Words with Precision
James needs precision. These are his words, and never have they been more accurate than in our ongoing marital “discussions.” Think of car engine performance of BMW or Mercedes – or wheels, guitar strings, music equipment – the value is in reliable, uncompromising response.
Unfortunately, the volatile spoken word is anything but tidy, sequential or flawless in response for one who is spontaneous, circular, a lover of imagery and metaphor. I often jump right into the middle of a story or discussion and commence to mashing about or spiraling out. This works beautifully in drafting a story once we get the hang of it, but not so much in aural tradition, wherein there is a beginning, a middle, and an end. Oh dang. My stories never come out that way on the first run!
My husband wants reliability in decision making. Can’t we get rid of the guess work? “Why do you hone words with the precision you do, finding the exact meaning on the page for others—for everyone else and yet with me, you are confusing, and abstract? I can’t pin you down, I don’t know what you want.”
For any man with a logical engineer mind, being married to a disjointed external processor, spiral from the middle, or any damn place, sort of gal is a cross to bear. And mine is a “get it done” guy. How many times have I thought we were still in the idea stage and he thinks we have decided and has already progressed to the action phase. We didn’t decide! And we jockey back and forth. Or, I think we have come to a solid conclusion and he’s still deliberating necessary details… for days. We still don’t have a plan for painting, or travel, or the wedding, or… The final decision just sort of hangs out there and because he is a precision planner, the pointer is aimed squarely at me for the lack of a plan.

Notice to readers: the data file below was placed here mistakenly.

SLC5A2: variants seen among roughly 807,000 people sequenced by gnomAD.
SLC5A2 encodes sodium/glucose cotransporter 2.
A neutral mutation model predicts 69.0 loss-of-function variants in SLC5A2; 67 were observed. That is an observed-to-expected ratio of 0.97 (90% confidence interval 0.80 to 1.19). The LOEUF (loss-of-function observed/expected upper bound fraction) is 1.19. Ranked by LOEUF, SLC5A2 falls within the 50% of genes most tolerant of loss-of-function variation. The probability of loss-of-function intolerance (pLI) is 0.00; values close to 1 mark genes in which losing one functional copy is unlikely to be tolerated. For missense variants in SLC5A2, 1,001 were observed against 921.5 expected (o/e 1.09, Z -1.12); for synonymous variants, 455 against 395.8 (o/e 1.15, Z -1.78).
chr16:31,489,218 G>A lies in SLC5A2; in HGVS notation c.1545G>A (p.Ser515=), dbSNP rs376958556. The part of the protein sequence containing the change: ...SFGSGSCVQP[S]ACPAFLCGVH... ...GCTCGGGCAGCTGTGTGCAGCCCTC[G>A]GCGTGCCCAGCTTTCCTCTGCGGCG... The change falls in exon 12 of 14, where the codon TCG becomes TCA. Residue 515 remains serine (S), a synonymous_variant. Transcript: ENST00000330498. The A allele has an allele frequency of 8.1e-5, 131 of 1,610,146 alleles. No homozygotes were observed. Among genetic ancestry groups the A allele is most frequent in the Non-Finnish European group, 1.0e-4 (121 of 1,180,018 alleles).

“I didn’t say that,” comes his frustrated retort while we’re arguing and I’m trying to carefully repeat back to him what I am hearing, trying to understand. “Why do you change the meanings of what I say?” he asks. Active listening is the fancy term therapists use for this car crash session for concrete thinkers. “What I hear you saying…” I gently say.
“NO.” He repeats his original phrase again verbatim, thinking that with repetition, his meaning will finally become clear.
Hmm. In the journaling of this, I discover James nailed something down in his request for precision… I don’t know exactly what, or if I can deliver, but I’ll sit with this, spin it around, and mull it over. I’ll write to find the words I want. I need the time to process without criticism, a luxury not afforded in real time dialog. I don’t have control over what the other is hearing or thinking or how he will interpret.
Though I am given more time and space on the page than in spoken conversation to choose carefully, edit and revise, I eventually have to relinquish and lose control of what I originally intended. What I release to you in print is no longer mine; it is now yours. Hopefully ours.
My only saving grace is that I can write about it and bring order, test for truth, bring insight or meaning…and maybe bend the outcome just every so slightly in my favor.